blending an assortment of thoughts and experiences for my friends, relations and kindred spirit

blending an assortment of thoughts and experiences for my friends, relations and kindred spirit
By Alison Hobbs, blending a mixture of thoughts and experiences for friends, relations and kindred spirits.

Tuesday, December 18, 2012

Moving on: back to Germany

God rejse, said the signs in Kastrup airport (CPH, Copenhagen), when I dropped my case there well before daybreak on Tuesday, December 4th. I'd been up since the alarm rang at 5:30 and had had my feet cooled in the slush on Femøren station platform. I was glad that I'd had time to serve myself from the hotel breakfast bar because my last cooked meal had been the grillet laks mid afternoon in the city the previous day and I don't function well when I'm hungry. When I boarded my 'plane to Stuttgart (pictured here on the right) I had to wade through more slush and up the metal steps, getting my gloves wet on the handrail.

After all these years of it, I still love flying; I especially love piercing the pink cloud tops to get a serving of early morning sun with my on board cup of tea. It wasn't a long flight; the other passengers all seemed to be businessmen / businesswomen. On the descent through many layers of stratus I kept catching glimpses of the Black Forest that had turned white from the recent snow. Stuttgart lies in a basin surrounded by hills; the lower land was still green.

STR was an easy airport to cross and I was soon on the S-Bahn, S2, change at Rohr, where I had no more than three minutes wait for my connecting train on the S1 line, arriving on the other side of the platform, but when I reached Böblingen it was discouraging to realise that the S60 to Sindelfingen (the line under construction when we came here last year) was still under construction, at least on that day; my connecting train had been replaced by a bus. I'd noticed a taxi rank as we drew in so I went for a taxi instead. The driver wanted to tell me about Hallowe'en and its Irish origins at great length, in Schwäbisch, switching to a stilted Hochdeutsch when he realised I couldn't follow.
Our sitting room in Sindelfingen

The Sindelfingen Hotel am Klostersee, familiar from last year's visit, let me have the key to our room, but the cleaner was still working on it so I dumped the luggage and went out again. With breakfasts included, we got two rooms this time––a suite!––for a very reasonable price. That was novel, but the hotel is aging, the wi-fi link inaccessible from our end of the building, and our heating didn't work. I mentioned this to the receptionist and she came round with a plumber later in the day, standing over him while he repaired the radiator.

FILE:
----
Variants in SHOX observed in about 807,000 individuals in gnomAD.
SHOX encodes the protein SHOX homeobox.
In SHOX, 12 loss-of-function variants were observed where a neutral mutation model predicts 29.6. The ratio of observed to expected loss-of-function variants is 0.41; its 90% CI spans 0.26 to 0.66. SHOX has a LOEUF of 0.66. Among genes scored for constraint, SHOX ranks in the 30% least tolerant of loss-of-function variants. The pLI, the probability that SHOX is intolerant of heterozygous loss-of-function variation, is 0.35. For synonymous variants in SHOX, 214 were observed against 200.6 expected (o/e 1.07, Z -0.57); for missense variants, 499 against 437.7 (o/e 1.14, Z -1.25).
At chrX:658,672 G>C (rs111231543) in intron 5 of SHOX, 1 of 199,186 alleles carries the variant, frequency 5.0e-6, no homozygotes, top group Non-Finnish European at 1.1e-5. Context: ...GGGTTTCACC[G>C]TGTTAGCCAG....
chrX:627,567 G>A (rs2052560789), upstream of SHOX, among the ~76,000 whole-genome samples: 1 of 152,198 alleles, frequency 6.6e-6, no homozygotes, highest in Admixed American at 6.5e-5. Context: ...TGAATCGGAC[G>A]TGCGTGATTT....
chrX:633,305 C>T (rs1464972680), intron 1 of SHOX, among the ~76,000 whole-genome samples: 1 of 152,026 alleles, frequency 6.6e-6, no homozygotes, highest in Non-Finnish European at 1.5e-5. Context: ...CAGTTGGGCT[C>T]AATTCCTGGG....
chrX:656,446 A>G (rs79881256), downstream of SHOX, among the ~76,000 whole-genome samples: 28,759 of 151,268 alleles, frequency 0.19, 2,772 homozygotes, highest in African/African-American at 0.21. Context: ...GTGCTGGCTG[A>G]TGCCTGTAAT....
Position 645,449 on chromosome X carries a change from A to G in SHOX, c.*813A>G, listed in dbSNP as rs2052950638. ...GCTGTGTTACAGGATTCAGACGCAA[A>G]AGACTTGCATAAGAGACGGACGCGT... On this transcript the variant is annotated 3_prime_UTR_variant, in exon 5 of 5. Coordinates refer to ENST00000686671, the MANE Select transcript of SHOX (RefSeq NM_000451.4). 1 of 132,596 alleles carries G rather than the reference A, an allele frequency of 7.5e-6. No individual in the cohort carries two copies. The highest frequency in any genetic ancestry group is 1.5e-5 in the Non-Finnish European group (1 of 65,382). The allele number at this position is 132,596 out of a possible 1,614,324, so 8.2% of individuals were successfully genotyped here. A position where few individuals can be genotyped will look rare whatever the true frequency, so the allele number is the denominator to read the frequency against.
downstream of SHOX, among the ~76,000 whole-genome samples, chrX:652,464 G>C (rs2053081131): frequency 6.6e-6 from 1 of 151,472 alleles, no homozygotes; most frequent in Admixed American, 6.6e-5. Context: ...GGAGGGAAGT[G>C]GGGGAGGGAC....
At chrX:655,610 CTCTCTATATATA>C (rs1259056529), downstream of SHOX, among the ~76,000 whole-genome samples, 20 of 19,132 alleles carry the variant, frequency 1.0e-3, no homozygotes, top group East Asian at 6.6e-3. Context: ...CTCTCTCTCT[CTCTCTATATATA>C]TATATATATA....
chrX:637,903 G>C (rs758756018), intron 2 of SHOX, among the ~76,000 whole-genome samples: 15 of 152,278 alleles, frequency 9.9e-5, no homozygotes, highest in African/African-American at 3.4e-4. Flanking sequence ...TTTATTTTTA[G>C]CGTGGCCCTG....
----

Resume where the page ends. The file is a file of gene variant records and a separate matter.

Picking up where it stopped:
That morning I went straight to my old haunts around the Sindelfingen Radhausplatz, finding the coffee place I liked last time, the post office where I've now bought stamps for my postcards and Christmas cards two years in a row and the shopping mall with the Woolworth's, selling inexpensive objects. I bought a €2 woolly hat for Chris because he'd left one behind in Ottawa and would doubtless be suffering from cold ears after his night in Norway. Then it was time for lunch. I chose a gemütliches Wirtshaus in a 16th century corner of the town, Zum Erdinger, which had no free table left, so I had to share one with two elderly gentlemen who proceeded to chat me up over my soup and Schnitzel "...grosse Portionen und freundliche Bedienung...", one of them knocking back several glasses of red wine while waiting for his (much) younger wife: 44, she was, apparently. He told me he was 73. She did show up eventually, a good looking woman, and after I'd been introduced I averted my eyes for a while but overheard their kisses. She was being very solicitous towards him, making sure he'd taken his pills.

Goldberg water tower, in the distance,
 seen from our hotel room
That was the day when, after dark, I got lost trying to find the Goldberg S-Bahnstation. I made the mistake of not making for the summit of the Goldberg, where the water tower is, before turning downhill, and ended up in an industrial estate, on a grass verge leading to a motorway, in a state of alarm. If I'm ever there again, here's a note to remind me that I must keep walking along Lange Anwanden, continue up the footpath with the steps, then turn left onto the Dresdenerstraße beyond the water tower and right onto the Leipzigerstraße, if I want to get it right. I retraced my route, peered at the maps by the bus stops, tried again, and after an hour's walking finally made it to the station, getting quite warm and damp in the rain, only to find I still had to wait another 25 minutes for the next train. Still, it brought me back to the airport (changing at Rohr again) so that I was able to greet Chris, tired and late from his Oslo-Copenhagen-Stuttgart journey but in good spirits, because he'd enjoyed talking to some kindred spirits who create software for deep sea oil rigs.

We hailed a taxi back to the hotel and slept soundly.

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